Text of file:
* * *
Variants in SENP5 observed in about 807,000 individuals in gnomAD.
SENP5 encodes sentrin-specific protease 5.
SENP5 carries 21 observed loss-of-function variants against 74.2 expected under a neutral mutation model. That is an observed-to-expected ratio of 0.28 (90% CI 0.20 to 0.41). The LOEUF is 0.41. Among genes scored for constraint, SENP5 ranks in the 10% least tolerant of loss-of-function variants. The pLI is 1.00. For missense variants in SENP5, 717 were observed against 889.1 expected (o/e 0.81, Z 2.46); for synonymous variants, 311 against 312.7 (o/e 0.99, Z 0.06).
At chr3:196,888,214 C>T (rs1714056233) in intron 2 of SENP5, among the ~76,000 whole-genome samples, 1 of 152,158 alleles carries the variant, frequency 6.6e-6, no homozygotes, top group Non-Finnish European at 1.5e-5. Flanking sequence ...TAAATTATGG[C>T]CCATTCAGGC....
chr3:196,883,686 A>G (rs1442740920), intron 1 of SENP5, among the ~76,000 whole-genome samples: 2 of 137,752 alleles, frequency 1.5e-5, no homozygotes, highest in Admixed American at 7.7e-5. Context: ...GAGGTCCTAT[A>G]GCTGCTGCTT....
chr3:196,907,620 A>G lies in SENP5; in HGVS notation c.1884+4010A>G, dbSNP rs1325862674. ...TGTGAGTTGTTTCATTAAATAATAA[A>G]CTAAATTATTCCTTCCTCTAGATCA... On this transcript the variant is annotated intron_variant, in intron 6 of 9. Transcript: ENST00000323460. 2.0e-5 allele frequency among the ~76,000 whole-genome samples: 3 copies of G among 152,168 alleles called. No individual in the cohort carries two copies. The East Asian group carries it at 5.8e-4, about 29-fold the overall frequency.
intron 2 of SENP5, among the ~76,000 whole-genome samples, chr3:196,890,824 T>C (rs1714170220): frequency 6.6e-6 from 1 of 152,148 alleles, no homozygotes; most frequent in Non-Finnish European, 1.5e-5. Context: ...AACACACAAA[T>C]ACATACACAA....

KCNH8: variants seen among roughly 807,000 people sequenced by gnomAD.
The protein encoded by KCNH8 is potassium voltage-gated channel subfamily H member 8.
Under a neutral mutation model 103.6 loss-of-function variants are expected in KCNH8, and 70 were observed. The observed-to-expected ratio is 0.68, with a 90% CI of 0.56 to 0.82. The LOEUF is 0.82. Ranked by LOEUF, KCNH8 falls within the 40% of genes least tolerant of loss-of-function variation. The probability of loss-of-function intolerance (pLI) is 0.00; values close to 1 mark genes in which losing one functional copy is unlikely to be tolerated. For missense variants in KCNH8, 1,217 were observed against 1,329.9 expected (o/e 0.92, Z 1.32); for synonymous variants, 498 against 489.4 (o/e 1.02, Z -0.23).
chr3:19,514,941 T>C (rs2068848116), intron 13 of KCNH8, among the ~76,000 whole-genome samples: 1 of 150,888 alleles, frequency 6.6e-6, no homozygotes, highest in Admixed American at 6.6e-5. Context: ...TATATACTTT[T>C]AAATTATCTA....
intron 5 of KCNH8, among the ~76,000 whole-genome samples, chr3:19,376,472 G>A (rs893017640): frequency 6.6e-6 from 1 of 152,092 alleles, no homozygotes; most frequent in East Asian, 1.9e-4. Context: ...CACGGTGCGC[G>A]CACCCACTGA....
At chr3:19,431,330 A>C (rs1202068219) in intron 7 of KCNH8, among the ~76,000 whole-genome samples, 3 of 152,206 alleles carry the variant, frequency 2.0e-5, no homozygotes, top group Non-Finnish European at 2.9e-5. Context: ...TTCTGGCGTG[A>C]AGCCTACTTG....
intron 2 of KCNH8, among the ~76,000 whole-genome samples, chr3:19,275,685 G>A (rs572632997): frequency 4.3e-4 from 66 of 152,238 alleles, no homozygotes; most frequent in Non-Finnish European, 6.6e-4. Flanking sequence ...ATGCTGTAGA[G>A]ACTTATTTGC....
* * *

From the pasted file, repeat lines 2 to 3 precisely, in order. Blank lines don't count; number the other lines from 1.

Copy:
SENP5 encodes sentrin-specific protease 5.
SENP5 carries 21 observed loss-of-function variants against 74.2 expected under a neutral mutation model. That is an observed-to-expected ratio of 0.28 (90% CI 0.20 to 0.41). The LOEUF is 0.41. Among genes scored for constraint, SENP5 ranks in the 10% least tolerant of loss-of-function variants. The pLI is 1.00. For missense variants in SENP5, 717 were observed against 889.1 expected (o/e 0.81, Z 2.46); for synonymous variants, 311 against 312.7 (o/e 0.99, Z 0.06).